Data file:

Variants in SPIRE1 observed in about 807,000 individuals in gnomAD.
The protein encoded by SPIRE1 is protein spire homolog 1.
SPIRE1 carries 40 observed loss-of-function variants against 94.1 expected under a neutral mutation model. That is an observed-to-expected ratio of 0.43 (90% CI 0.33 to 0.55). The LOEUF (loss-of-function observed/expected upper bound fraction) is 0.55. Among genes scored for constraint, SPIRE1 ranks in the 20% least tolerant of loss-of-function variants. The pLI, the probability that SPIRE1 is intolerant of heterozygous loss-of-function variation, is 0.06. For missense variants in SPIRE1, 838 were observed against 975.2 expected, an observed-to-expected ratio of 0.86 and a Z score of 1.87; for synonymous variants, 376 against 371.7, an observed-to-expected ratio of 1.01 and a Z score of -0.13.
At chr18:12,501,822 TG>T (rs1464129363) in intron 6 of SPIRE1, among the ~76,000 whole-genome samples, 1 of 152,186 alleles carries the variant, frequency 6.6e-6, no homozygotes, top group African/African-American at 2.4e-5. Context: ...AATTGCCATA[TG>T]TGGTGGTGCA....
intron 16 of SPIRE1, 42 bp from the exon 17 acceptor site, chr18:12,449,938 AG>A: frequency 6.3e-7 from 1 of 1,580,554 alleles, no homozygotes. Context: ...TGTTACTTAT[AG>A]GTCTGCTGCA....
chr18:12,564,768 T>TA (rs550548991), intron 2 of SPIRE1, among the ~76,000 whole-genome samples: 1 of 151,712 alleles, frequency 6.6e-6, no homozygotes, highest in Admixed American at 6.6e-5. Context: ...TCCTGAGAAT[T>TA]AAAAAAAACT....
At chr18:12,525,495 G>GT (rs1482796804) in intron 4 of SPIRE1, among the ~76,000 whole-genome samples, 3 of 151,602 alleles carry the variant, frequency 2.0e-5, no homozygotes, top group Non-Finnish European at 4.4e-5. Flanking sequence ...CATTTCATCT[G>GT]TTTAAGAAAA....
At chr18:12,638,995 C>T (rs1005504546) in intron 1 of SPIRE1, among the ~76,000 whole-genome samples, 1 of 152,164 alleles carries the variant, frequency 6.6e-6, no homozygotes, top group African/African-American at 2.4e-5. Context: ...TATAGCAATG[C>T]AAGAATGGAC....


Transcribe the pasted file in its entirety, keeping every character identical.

Variants in SPIRE1 observed in about 807,000 individuals in gnomAD.
The protein encoded by SPIRE1 is protein spire homolog 1.
SPIRE1 carries 40 observed loss-of-function variants against 94.1 expected under a neutral mutation model. That is an observed-to-expected ratio of 0.43 (90% CI 0.33 to 0.55). The LOEUF (loss-of-function observed/expected upper bound fraction) is 0.55. Among genes scored for constraint, SPIRE1 ranks in the 20% least tolerant of loss-of-function variants. The pLI, the probability that SPIRE1 is intolerant of heterozygous loss-of-function variation, is 0.06. For missense variants in SPIRE1, 838 were observed against 975.2 expected, an observed-to-expected ratio of 0.86 and a Z score of 1.87; for synonymous variants, 376 against 371.7, an observed-to-expected ratio of 1.01 and a Z score of -0.13.
At chr18:12,501,822 TG>T (rs1464129363) in intron 6 of SPIRE1, among the ~76,000 whole-genome samples, 1 of 152,186 alleles carries the variant, frequency 6.6e-6, no homozygotes, top group African/African-American at 2.4e-5. Context: ...AATTGCCATA[TG>T]TGGTGGTGCA....
intron 16 of SPIRE1, 42 bp from the exon 17 acceptor site, chr18:12,449,938 AG>A: frequency 6.3e-7 from 1 of 1,580,554 alleles, no homozygotes. Context: ...TGTTACTTAT[AG>A]GTCTGCTGCA....
chr18:12,564,768 T>TA (rs550548991), intron 2 of SPIRE1, among the ~76,000 whole-genome samples: 1 of 151,712 alleles, frequency 6.6e-6, no homozygotes, highest in Admixed American at 6.6e-5. Context: ...TCCTGAGAAT[T>TA]AAAAAAAACT....
At chr18:12,525,495 G>GT (rs1482796804) in intron 4 of SPIRE1, among the ~76,000 whole-genome samples, 3 of 151,602 alleles carry the variant, frequency 2.0e-5, no homozygotes, top group Non-Finnish European at 4.4e-5. Flanking sequence ...CATTTCATCT[G>GT]TTTAAGAAAA....
At chr18:12,638,995 C>T (rs1005504546) in intron 1 of SPIRE1, among the ~76,000 whole-genome samples, 1 of 152,164 alleles carries the variant, frequency 6.6e-6, no homozygotes, top group African/African-American at 2.4e-5. Context: ...TATAGCAATG[C>T]AAGAATGGAC....